Photojournalism – True Colors
From time to time, the global world of photojournalism goes into self-oscillation. This happens when a photojournalist is caught manipulating a photo. News photojournalism is the most sensitive in this regard. We want to trust that what we see in a newspaper, especially when photos are used as accurate and reliable accounts of significant events, are accurate representations of the truth. And when a photojournalist crosses the line, a gigantic wave of photojournalists begins to wonder and discuss where the line is. What is allowed and what is not allowed in photojournalism? It’s a can of worms, but even more important to understand. For photojournalists and their audience.
The basic rules that most photojournalists agree with are that photojournalists cannot add, move or delete anything in the photo. They cannot stage a situation or instruct people to stage an event for the camera (except when doing a portrait). And they are not allowed to use “excessive” photoshopping, tone mapping, color manipulation, etc.
But where exactly the line is between reasonably “improving” the photo for visual appeal, and distorting the photo beyond what is a faithful representation of a situation is not always easy to say. If it were easy to draw the line, it would probably have been done and agreed. The line is especially diffuse when it comes to changing the colors and contrast of a photo.
It would be simple to say that colors simply should not be changed. The photo, when leaving the camera, should be used directly. The camera never lies, right? Well, not exactly! Different cameras and lenses actually “see” colors in slightly different ways. Not to mention the good old movie papers, each with its own characteristics. And when a photo is printed in different magazines or newspapers, they come out a little different. And even when viewed on two different computer screens, the colors will look slightly different.
And it’s not just limited to the camera. Take a picture on a cloudless day, right after sunset, and the real colors will actually be pretty blue. Take a picture of subjects lit by a fire and the colors will be very red. But in these situations, our eyes don’t see them as excessively blue and red. Our brain compensates for the color of the blue sky and the red flame. If such a blue or red photo was printed in a newspaper, the colors look too blue or too red!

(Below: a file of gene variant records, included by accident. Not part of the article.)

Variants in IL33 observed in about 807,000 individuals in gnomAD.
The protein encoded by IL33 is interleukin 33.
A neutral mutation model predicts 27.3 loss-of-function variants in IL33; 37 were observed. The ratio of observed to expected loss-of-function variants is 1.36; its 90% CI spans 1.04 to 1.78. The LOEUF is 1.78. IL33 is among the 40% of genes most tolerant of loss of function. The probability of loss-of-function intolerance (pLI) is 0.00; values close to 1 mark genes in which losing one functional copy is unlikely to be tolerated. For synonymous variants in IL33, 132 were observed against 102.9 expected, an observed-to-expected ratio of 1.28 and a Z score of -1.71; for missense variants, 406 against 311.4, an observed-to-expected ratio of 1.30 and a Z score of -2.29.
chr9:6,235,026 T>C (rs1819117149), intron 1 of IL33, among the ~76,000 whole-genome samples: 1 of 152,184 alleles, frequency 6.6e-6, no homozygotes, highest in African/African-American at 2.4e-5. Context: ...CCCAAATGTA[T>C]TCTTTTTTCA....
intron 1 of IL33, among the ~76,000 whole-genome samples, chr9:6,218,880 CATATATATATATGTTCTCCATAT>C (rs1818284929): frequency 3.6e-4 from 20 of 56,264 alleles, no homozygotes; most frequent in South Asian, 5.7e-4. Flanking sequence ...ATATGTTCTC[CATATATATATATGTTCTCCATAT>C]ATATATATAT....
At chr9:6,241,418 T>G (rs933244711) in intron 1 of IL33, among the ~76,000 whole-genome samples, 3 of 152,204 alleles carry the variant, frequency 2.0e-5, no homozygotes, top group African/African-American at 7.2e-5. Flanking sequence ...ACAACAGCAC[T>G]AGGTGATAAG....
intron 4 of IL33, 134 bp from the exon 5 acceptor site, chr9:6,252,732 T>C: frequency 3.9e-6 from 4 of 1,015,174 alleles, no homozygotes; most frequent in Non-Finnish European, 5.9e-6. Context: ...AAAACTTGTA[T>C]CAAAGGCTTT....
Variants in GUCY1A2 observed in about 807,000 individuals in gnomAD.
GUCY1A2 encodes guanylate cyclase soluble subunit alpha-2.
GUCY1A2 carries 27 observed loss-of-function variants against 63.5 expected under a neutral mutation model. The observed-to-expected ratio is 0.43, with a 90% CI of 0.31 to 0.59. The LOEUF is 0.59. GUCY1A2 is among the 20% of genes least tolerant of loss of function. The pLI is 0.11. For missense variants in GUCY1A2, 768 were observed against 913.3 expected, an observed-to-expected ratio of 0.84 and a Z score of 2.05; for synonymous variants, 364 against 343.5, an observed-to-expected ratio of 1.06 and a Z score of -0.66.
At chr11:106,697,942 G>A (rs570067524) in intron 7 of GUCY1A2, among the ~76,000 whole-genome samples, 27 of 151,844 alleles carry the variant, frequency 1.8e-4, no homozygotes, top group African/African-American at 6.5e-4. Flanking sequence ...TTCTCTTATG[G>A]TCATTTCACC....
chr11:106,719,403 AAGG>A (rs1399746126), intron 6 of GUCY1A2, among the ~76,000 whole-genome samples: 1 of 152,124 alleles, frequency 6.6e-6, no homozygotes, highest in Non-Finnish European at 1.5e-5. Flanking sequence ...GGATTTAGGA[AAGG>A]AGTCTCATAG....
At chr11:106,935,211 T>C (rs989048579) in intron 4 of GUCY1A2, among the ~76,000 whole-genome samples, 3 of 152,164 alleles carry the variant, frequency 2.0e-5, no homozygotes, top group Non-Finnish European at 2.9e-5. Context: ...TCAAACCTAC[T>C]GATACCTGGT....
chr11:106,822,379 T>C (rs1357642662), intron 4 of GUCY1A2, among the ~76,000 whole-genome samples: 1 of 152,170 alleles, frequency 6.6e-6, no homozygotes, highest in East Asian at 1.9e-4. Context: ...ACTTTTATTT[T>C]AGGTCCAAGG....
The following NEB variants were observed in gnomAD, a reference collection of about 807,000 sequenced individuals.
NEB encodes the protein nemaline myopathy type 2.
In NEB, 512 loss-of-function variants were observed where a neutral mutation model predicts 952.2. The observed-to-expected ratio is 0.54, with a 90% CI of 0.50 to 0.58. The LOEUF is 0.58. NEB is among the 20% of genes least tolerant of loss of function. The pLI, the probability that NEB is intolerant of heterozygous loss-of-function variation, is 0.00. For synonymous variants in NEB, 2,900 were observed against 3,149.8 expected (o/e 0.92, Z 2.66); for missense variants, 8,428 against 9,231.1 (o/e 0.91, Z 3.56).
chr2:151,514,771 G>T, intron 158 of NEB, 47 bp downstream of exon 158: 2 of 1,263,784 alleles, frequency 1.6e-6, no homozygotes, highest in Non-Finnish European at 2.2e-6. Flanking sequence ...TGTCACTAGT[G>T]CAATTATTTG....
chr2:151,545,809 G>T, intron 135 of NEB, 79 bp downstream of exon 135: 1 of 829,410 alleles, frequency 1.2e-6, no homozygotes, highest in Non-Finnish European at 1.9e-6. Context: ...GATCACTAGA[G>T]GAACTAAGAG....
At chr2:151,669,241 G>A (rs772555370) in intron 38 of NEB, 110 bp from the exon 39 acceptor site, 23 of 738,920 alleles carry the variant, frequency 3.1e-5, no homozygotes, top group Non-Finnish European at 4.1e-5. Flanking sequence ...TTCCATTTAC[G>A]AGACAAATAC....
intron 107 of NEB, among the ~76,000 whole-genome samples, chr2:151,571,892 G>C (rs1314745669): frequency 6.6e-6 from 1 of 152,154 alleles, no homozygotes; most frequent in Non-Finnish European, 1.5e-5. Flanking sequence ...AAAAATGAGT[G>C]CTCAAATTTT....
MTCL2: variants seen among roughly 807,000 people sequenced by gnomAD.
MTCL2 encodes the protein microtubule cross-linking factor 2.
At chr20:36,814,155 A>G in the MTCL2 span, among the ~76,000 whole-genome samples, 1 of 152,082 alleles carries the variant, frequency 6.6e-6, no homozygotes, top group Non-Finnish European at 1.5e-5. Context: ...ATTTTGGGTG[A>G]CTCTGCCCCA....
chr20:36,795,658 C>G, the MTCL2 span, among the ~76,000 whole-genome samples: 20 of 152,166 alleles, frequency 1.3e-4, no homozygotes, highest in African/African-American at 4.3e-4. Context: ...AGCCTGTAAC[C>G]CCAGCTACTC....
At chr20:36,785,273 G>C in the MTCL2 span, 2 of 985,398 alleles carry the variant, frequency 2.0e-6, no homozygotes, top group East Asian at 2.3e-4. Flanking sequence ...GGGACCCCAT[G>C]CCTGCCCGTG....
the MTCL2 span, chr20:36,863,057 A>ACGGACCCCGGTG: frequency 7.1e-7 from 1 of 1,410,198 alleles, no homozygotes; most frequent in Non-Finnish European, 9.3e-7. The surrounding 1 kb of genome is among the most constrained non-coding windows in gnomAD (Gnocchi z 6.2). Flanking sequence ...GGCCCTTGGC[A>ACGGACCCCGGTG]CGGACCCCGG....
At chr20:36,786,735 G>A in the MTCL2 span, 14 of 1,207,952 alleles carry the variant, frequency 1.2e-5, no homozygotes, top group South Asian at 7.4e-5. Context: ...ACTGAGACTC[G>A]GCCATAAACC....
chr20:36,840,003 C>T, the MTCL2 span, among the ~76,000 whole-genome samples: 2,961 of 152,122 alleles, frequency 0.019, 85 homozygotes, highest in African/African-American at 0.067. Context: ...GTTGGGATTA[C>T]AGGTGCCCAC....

So, what’s the right representation of the real colors?
Like I said, the line can be diffuse. An often heard argument is that if black and white photos are accepted in photojournalism, what are they, then why not also accept photos where colors have become stronger rather than weaker?
Technically speaking, it is the same adjustment category: Color Saturation.
But there is more than the technical aspect. And it has to do with whether the photo can be seen as an attempt to falsify the representation of reality. When we see a black-and-white photo, we usually know that “this is a black-and-white photo of something that was in color”. We don’t know what the colors were, the photo doesn’t tell us that. On the other hand, when we see a photo of something with excessive colors, we can think that “wow, this subject must have been very colorful! And that’s where we can be fooled! If the real colors were really very soft, but digitally enhanced in post-processing to look stronger, the viewer could erroneously get the impression that the colors were indeed strong. With black-and-white photos, this is simply not the case and that’s why black-and-white is generally accepted in photojournalism. It declares itself as what it is. A photo with excessive colors doesn’t necessarily do it!
So, where is the line when it comes to excessive colors? We’re getting closer now. Let’s see an example from the real world:
In the global photojournalism organization, Reuters, the guidelines for photojournalists are firmly written, allowing for “basic color correction,” as long as this does not “drastically change the [perceived] conditions of original lighting. They also specify that, in general, “[color] saturation should not be used.
These are very strict rules established to preserve the integrity of the organization that operates in various fields and for various outlets. They have to be strict with such general guidelines. On the other hand, however, photojournalism is a creative profession. It doesn’t mean that photojournalists are “creating” reality, but they are creating representations of it. Therefore, a more lenient line, allowing the photojournalist to use his creative talents a little more, would be to say that it boils down to the intention of the photojournalist: Is the purpose of the photojournalist’s changes “to improve the look” of the photo or “to falsify, exaggerate or overdramatize” the photo?
I think that’s when the line becomes diffuse again. In some cases, it will be very subjective to judge whether the intention of the photojournalist was to embellish or falsify.